Initial attempts to apply lean methods in product development simply copied behaviors that worked in manufacturing. This doesn’t work — development is a profoundly different domain. Eliminating all variability works in manufacturing; in product development it eliminates all innovation. Second Generation Lean Product Development takes a different, science-based, approach. It relies on understanding mechanisms of action and quantifying tradeoffs. It uses economics, statistics, queueing theory, and concepts from telecommunication network design. This workshop provides an overview of the key ideas in the bestselling book, The Principles of Product Development Flow: Second Generation Lean Product Development. If you want to obtain quick impact from lean methods you must understand these ideas.

Workshop Topics
This workshop will provide a one-day overview of the key ideas in the book, The Principles of Product Development Flow. It will focus on some the practical considerations for using the ideas in the book.

1. Using an Economic Framework
The key to making rational decisions in product development is to express all effects on schedule, quality, and cost in economic terms. We do this with an economic model. With it, we can quantify the Cost of Delay with sufficient accuracy to make faster and better decisions.

2. Managing Queues
Many developers still view product development deterministically, assuming that any excess capacity is waste. In reality, development processes need excess capacity to function optimally in the presence of necessary variability. By looking at product development through the perspective of Queueing Theory we can get many insights on how to manage it better.

3. Understanding Variability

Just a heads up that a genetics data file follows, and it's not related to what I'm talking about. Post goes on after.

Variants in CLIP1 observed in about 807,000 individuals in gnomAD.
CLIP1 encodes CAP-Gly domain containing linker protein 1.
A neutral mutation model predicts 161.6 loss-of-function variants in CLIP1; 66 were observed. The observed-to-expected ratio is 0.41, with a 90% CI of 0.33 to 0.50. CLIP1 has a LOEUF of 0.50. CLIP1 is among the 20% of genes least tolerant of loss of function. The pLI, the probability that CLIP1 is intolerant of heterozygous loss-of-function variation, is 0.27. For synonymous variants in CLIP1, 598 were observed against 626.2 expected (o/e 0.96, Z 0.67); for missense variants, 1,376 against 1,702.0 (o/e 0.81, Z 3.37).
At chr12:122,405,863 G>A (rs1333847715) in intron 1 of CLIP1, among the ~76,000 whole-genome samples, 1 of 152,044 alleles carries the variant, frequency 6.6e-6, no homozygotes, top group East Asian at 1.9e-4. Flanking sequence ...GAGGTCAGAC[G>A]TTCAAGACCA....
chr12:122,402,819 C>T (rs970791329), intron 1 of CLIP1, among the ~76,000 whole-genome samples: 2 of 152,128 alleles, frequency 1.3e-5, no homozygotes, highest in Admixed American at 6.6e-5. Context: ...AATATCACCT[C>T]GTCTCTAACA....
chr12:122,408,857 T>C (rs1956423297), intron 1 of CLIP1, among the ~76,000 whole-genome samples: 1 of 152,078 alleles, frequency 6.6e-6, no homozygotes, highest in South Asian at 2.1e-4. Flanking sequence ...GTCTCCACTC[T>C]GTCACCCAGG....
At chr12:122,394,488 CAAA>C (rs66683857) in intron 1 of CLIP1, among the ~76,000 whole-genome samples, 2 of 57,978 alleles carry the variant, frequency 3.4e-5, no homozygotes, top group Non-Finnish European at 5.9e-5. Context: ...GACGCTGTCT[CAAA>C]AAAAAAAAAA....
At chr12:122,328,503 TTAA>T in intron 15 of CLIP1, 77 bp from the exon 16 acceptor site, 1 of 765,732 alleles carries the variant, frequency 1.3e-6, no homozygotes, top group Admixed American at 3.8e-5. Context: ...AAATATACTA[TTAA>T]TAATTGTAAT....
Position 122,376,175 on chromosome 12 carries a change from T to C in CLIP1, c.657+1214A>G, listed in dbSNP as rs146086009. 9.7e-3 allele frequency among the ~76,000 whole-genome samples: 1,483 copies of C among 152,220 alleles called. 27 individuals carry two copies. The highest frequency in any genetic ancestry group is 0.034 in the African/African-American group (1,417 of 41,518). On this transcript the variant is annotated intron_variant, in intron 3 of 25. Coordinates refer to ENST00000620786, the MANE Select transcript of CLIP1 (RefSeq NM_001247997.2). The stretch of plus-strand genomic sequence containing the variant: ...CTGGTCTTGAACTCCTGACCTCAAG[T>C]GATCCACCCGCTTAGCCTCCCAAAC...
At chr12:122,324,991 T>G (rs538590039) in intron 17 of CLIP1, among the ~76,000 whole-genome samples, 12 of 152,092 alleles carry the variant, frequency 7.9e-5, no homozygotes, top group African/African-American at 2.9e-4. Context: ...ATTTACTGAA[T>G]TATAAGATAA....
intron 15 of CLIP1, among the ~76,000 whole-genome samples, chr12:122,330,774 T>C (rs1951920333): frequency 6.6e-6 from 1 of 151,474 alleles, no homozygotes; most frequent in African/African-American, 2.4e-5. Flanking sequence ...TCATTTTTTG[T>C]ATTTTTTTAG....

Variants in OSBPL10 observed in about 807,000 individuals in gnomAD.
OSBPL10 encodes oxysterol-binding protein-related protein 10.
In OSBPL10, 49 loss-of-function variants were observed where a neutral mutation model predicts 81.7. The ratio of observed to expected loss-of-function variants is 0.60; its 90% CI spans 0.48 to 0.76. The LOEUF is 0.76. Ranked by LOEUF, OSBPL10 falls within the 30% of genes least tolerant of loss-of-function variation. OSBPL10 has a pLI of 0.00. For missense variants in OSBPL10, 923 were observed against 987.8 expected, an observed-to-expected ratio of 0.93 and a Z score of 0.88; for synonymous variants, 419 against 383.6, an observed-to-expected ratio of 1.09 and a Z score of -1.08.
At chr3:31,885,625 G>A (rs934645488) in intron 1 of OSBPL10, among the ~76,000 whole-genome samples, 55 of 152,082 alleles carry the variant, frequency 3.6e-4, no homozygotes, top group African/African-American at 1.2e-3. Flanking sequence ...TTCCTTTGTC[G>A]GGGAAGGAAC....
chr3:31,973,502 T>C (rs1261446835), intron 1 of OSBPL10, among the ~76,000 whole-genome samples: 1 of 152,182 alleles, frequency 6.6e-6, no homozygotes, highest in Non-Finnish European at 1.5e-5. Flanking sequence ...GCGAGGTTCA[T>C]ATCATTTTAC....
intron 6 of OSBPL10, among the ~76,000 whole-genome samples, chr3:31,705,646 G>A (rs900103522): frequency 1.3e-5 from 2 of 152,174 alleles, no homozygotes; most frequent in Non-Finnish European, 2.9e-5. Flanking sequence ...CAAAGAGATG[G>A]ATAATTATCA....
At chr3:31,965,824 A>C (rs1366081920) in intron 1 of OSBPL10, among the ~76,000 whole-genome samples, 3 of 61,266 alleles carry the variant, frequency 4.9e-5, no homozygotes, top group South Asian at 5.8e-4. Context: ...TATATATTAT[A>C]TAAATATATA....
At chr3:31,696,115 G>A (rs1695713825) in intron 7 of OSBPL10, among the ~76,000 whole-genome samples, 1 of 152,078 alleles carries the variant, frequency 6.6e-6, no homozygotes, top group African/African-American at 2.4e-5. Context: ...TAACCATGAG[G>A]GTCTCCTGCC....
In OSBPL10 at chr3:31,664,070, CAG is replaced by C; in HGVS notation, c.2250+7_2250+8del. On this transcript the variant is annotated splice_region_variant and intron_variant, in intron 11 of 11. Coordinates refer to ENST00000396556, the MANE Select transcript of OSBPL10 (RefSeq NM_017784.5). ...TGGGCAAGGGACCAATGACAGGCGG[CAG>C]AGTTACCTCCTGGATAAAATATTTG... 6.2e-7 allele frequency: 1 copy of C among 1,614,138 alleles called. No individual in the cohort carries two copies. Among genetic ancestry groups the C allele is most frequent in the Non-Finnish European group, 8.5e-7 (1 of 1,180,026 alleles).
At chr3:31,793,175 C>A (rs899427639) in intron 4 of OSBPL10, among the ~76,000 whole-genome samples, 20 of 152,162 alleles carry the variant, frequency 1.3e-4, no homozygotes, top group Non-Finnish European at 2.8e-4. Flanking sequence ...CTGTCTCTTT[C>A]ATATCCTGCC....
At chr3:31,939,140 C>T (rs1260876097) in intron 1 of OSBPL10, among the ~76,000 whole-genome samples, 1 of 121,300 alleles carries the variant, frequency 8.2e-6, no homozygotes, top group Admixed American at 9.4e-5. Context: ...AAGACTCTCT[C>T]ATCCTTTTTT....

For product developers one of the most dangerous ideas of Lean Manufacturing is that we can always optimize economics by reducing variability. In product development variability is a necessary companion of innovation, so we must create development processes that perform well in the presence of variability. Option Pricing Theory gives us a new perspective on the role of variability in product development.

4. Reducing Batch Size
One of the best methods to reduce cycle time in product development is batch size reduction. However, many companies still use cumbersome phased gate processes with very large batch sizes. We’ll use the Economic Lot Size Formula to understand the economic tradeoffs associated with reducing batch size in product development.

5. Applying WIP Constraints
Queues can still form in processes with small batch sizes due to the accumulation of random variances. One of the most practical methods for controlling such queues is the use of WIP Constraints. Such constraints require setting control limits and deciding what to do when the limit is breached. The most advanced examples of WIP Constraints are found in Telecommunications Networks, not in manufacturing processes.

6. Using Cadence
Cadence can be used to smooth and synchronize flows in a product development process. It is a powerful way to prevent variances from being coupled between processes. Unfortunately, most product developers still control their processes with scheduled deliverables rather than a time-based cadence.

7. Synchronization and Sequencing
Synchronization can offer a means to prevent the accumulation of variance and to gain scale economies without using large batch sizes. With advanced sequencing strategies like Weighted Shortest Job First (WSJF) we can reduce the cost of queues without changing the size of queues.

8. Using Fast Feedback
Fast feedback loops create spectacular opportunities to smooth flow and attain quality levels that far exceed those of processes that try to “do it right the first time.” This is one of the essential features of the Lean Start Up approach that is spreading rapidly in product development. We’ll look at the underlying economics that make this work.

9. Decentralizing Control
Fast responses to an uncertain environment require decentralized control. However, decentralized control can lead to misalignment. We’ll look at advanced methods that the military uses to achieve aligned decentralized control.

7. Oktober 2016| By |News|0 Comments

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